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A Recursive Implementation of the Fast Fourier Transform

Before we can embark on implementing the algorithm discussed above in Octave one word of caution. Throughout this course I have been referring to Octave as ``interactive Fortran'', but, although in many respects Octave's notation is quite similar to that of Fortran, sometimes it is annoyingly different. The situation is a little like with differences between Bourne Shell and C-shell - those little differences can be quite enough to derail one's shell scripts and one's composure too.

And the difference that I need to point to you right now relates to the way ranges and strides are described in both environments. And so, in Fortran (1:10:2) means ``take integers from 1 through 10 with a stride of 2'', i.e., 1, 3, 5, 7, 9. In Octave the same is accomplished by (1:2:10):

octave:5> (1:2:10)
ans =

   1   3   5   7   9

octave:6>

Now let us have a look at the top FFT formula:

\begin{displaymath}{}^8\boldsymbol{F}(\boldsymbol{f}_{[1:8]}) =
\left(
\begin{...
...4\boldsymbol{F}(\boldsymbol{f}_{[2:8:2]})
\end{array} \right)
\end{displaymath} (2.18)

How would we implement this in Octave? First let us assume that our input data lives on an 8-entries long vector x, and that we have a function called my_fft that can evaluate a discrete Fourier Transform from any regularly spaced subset of x, for example x(1:2:8) - remember that here we already use Octave notation, which means that the second, not the third, integer in the sequence (1:2:8) defines the stride. So

\begin{displaymath}{}^4\boldsymbol{F}(\boldsymbol{f}_{[1:8:2]}) = \hbox{\tt my\_fft}\left(x(1:2:8)\right)
\end{displaymath} (2.19)

and

\begin{displaymath}{}^4\boldsymbol{F}(\boldsymbol{f}_{[2:8:2]}) = \hbox{\tt my\_fft}\left(x(2:2:8)\right)
\end{displaymath} (2.20)

What the function is going to deliver in this case is an array of 4 complex numbers that represents a 4-point discrete Fourier transform. To get the 8-point transform:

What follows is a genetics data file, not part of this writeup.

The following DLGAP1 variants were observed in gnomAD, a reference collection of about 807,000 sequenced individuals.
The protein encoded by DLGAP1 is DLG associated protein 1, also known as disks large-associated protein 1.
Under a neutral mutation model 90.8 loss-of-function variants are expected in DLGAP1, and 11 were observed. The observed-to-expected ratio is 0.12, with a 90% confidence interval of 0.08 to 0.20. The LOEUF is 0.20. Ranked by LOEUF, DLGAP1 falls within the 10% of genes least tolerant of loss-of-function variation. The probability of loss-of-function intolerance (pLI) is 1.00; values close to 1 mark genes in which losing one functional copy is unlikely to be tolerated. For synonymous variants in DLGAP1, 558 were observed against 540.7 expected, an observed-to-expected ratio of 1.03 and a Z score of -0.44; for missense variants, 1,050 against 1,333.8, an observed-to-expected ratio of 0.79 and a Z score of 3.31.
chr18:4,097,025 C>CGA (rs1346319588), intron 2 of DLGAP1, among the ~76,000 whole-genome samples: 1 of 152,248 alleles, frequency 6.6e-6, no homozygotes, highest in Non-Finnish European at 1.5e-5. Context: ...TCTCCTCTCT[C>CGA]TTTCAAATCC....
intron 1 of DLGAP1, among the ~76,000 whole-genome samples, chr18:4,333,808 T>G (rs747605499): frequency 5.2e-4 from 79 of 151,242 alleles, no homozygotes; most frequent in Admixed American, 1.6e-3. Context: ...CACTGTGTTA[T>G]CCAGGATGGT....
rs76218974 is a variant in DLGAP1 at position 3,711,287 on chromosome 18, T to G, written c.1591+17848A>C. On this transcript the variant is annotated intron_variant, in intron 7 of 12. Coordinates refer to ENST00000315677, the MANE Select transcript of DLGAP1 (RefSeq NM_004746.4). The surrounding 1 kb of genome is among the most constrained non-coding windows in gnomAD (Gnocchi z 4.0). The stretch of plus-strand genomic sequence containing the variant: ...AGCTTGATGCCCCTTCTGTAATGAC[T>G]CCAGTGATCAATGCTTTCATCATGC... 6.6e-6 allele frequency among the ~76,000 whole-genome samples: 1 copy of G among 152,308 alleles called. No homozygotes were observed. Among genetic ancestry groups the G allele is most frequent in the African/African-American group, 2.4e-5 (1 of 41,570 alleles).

8F(1:4) = $\displaystyle \hbox{\tt my\_fft}\left(x(1:2:8)\right)
+ [1, \omega_8, \omega_8^2, \omega_8^3]
\cdot \hbox{\tt my\_fft}\left(x(2:2:8)\right)$  
8F(5:8) = $\displaystyle \hbox{\tt my\_fft}\left(x(1:2:8)\right)
- [1, \omega_8, \omega_8^2, \omega_8^3]
\cdot \hbox{\tt my\_fft}\left(x(2:2:8)\right)$  

And the beauty of recursive algorithms that this is really the only thing that we have to code. Plus the condition that stops the recursion, of course.

So, here is the Octave code:

octave:1> function y = my_fft(x)
> n = length(x);
> if n == 1
>    y = x;
> else
>    m = n/2;
>    y_top = my_fft(x(1:2:n));
>    y_bottom = my_fft(x(2:2:n));
>    d = exp(-2 * pi * i / n) .^ (0:m-1);
>    z = d .* y_bottom;
>    y = [ y_top + z , y_top - z ];
> end
> endfunction
octave:2> x = 2 * pi / 8 * (0:7);
octave:3> x = sin(x);
octave:4> 2 * pi / 8 * my_fft(x)
ans =

 Columns 1 through 3:

   0.00000 + 0.00000i  -0.00000 - 3.14159i   0.00000 - 0.00000i

 Columns 4 through 6:

   0.00000 + 0.00000i   0.00000 + 0.00000i   0.00000 + 0.00000i

 Columns 7 and 8:

   0.00000 + 0.00000i  -0.00000 + 3.14159i

octave:35>

It is easy enough to translate this code to Fortran-90, remembering, of course, that (1:2:n) needs to be replaced with (1:n:2). Here is the translation not only of function my_fft itself, which in the Fortran program shown below is implemented as a subroutine fft, but also of computations that lead to setting up vector x: